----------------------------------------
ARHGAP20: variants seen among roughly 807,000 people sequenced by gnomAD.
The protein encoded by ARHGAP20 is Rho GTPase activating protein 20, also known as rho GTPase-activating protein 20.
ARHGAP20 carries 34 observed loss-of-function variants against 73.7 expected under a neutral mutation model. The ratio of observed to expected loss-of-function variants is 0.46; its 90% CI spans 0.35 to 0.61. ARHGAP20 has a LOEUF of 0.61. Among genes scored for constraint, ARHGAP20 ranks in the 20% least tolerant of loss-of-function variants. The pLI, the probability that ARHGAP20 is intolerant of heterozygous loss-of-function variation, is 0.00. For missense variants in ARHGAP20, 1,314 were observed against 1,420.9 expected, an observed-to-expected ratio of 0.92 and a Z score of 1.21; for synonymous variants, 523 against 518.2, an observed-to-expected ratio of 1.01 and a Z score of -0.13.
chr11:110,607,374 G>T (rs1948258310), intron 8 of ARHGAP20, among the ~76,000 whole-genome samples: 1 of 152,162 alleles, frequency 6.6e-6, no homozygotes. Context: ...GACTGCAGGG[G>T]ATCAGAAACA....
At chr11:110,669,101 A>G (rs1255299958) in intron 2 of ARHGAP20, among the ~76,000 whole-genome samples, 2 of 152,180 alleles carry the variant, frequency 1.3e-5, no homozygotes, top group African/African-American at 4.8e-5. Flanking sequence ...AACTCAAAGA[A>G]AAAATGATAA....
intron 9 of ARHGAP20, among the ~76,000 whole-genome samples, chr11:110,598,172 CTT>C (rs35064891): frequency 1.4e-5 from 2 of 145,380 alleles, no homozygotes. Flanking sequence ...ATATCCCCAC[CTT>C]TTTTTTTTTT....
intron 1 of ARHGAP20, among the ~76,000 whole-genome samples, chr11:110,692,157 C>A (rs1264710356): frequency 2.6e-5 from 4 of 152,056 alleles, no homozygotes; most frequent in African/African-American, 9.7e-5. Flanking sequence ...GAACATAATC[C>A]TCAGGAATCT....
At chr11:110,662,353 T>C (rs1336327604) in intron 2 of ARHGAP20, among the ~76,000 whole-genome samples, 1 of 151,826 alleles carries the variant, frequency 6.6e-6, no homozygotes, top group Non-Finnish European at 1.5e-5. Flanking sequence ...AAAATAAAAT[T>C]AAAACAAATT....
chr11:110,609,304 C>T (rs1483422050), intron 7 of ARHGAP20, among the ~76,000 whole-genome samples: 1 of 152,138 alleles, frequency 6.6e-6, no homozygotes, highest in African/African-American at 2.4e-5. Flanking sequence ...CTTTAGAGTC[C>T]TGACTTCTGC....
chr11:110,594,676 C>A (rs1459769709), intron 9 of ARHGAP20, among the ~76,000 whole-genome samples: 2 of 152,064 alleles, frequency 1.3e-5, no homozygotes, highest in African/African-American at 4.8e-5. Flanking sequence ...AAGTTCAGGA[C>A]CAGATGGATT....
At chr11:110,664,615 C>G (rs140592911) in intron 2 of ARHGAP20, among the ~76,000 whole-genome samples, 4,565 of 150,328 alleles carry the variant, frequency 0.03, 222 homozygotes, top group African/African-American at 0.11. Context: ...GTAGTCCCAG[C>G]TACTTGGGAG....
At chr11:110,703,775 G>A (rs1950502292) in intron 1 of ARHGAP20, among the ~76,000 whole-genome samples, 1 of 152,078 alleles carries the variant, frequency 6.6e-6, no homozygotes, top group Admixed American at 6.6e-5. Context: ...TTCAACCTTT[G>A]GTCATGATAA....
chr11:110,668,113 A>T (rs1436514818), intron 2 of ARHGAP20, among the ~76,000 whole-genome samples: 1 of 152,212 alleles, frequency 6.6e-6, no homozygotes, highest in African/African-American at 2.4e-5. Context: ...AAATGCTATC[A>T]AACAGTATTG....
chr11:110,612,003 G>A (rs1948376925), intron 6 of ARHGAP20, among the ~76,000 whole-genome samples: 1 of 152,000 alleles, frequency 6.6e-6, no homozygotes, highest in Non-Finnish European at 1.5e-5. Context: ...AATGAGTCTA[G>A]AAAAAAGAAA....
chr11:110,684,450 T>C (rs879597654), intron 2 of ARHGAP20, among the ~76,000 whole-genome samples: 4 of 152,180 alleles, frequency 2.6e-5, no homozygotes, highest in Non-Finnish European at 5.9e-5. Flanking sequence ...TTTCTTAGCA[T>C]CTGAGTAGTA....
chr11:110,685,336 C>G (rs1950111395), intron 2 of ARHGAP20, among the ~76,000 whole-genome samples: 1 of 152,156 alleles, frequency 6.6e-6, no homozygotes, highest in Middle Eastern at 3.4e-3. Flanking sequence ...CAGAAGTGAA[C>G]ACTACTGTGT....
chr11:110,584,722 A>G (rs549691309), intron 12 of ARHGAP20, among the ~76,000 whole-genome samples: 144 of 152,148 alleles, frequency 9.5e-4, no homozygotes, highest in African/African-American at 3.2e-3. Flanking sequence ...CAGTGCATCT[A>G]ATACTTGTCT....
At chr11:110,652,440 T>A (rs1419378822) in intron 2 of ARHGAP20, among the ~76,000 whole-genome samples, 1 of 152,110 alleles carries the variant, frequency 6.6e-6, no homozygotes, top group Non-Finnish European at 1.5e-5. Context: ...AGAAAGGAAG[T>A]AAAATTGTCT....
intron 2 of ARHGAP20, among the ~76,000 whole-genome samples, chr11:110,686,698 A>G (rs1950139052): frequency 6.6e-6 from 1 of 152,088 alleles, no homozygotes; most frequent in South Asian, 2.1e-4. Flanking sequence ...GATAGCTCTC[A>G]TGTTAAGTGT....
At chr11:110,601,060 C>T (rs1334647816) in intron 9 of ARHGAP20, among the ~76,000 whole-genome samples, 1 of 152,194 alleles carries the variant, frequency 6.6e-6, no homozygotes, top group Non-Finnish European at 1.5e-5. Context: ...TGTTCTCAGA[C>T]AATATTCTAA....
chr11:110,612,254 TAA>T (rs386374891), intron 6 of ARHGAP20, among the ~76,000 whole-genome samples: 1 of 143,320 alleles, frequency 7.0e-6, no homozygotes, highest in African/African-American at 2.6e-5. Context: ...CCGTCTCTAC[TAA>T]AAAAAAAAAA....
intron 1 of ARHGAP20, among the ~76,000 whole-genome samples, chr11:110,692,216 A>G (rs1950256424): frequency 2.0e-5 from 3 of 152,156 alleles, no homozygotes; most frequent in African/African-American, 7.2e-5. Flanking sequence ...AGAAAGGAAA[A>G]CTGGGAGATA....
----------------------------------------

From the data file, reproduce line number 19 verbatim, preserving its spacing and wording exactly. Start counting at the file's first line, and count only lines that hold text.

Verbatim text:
intron 2 of ARHGAP20, among the ~76,000 whole-genome samples, chr11:110,686,698 A>G (rs1950139052): frequency 6.6e-6 from 1 of 152,088 alleles, no homozygotes; most frequent in South Asian, 2.1e-4. Flanking sequence ...GATAGCTCTC[A>G]TGTTAAGTGT....